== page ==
Making an On the Bubble quilt is a lot of fun because you get to combine solids and scrappiness all in one visually interesting quilt. I named it “On the Bubble” because of the appliqued circles, but also because the placement of the color values of the squares builds an illusion of a curve where none exists. I made mine with shades of gray, but you could easily convert this to an ombre selection of fabrics, or for a different look you could switch the solids and prints to have a layer of solid bubbles floating over colorful scrappy squares. This will make a lap sized quilt about 67.5″ square.
I purchased a yard each of Robert Kaufman’s Kona cotton solids as listed below. Beside them I’ll list the number of five inch squares you’ll need of each:
- White 13
- Silver 24
- Shadow 28
- Medium Gray 36
- Coal 44
- Charcoal 52
- Pepper 28
You’ll also need 225 circles cut from various scraps.
I used a 2.75″ diameter circle template. I’ve made a circle template and a placement template that you can download and print on cardstock: On The Bubble Templates from CoopCrafts_20150206_0001. I traced 225 circles onto the paper side of Heat n Bond Light. (Numbering the circles as you trace will help you keep track.) Then roughly cut them out, leaving a little space around the edge of each circle. Follow package directions to attach the circles to the back side of your fabric scraps, then trim carefully around each circle. You can use the placement template provided (cut out the center square) to help you center the circles, or if you have one, you can add washi tape to your five inch square ruler as I did below. Then, following package directions, attach the circles to your squares.
The next step is to stitch around your circles. If you want to keep your edges neat and free from fraying, use a zigzag stitch that encloses the edge of the circle. For my quilt, I’ve used a vintage hand crank machine that only makes straight stitches (and doesn’t stitch in reverse), so the edges of my circles will lift over time to give ruffly, textural interest. For whichever method you choose, I recommend this trick to keep your applique from unraveling. If using straight stitches, complete about three rounds, as seen below. Try not to stitch over the edges if you’re going to let them ravel, but let the circles “drift” a bit as you sew, kind of like the first few rounds of a Spirograph drawing.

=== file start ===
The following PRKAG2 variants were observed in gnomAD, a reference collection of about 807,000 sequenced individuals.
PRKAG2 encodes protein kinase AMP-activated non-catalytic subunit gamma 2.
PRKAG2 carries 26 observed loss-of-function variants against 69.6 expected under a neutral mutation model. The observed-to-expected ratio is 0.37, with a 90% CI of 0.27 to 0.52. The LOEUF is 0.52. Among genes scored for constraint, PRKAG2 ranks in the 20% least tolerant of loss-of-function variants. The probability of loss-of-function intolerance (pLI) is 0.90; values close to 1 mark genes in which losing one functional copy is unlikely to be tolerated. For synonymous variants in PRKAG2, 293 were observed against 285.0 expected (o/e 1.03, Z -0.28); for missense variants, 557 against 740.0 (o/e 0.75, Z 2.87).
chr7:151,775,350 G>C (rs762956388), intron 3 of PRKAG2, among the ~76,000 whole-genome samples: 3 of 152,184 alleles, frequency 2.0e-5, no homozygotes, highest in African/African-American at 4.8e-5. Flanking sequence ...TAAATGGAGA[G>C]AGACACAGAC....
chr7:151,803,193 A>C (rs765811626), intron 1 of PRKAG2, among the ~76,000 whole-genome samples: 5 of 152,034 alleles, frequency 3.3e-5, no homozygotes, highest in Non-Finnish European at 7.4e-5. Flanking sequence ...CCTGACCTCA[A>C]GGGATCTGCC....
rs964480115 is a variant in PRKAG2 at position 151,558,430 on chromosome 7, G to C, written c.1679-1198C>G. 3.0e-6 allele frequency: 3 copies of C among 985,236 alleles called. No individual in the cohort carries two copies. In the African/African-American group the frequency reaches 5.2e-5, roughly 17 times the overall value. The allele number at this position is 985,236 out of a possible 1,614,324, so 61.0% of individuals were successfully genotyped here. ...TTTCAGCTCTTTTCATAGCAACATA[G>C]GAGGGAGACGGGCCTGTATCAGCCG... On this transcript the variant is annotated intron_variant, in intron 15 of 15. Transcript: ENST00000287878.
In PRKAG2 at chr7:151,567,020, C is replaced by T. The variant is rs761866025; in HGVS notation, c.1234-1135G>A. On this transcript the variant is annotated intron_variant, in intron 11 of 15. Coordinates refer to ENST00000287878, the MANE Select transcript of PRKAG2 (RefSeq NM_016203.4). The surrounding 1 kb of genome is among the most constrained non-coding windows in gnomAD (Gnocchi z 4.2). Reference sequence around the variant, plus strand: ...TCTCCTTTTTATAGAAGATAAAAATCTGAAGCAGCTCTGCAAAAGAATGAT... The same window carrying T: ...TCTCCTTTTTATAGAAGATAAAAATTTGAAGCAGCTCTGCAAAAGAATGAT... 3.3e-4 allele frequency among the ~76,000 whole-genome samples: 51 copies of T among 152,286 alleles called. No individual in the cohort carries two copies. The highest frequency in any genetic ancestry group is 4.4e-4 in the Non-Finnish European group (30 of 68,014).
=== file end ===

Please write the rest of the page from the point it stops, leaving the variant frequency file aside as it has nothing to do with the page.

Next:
The backs will look like this, with the thread ends neatly tied:
Once all your circles have been appliqued, it’s time to lay out your squares. Here’s the fancy grid I used, direct from my sketchbook, with the color numbers from above to help with placement.
It may help to start in one corner. Once you approach the middle, it’ll be easier to see and follow the pattern.
Mine looked like this, with a couple squares needing to be remade because my hand crank machine gets grouchy as her bobbin runs low.
Begin stitching your rows together, taking time to admire your favorite fabrics as you go. This was a gift from a friend and I love it!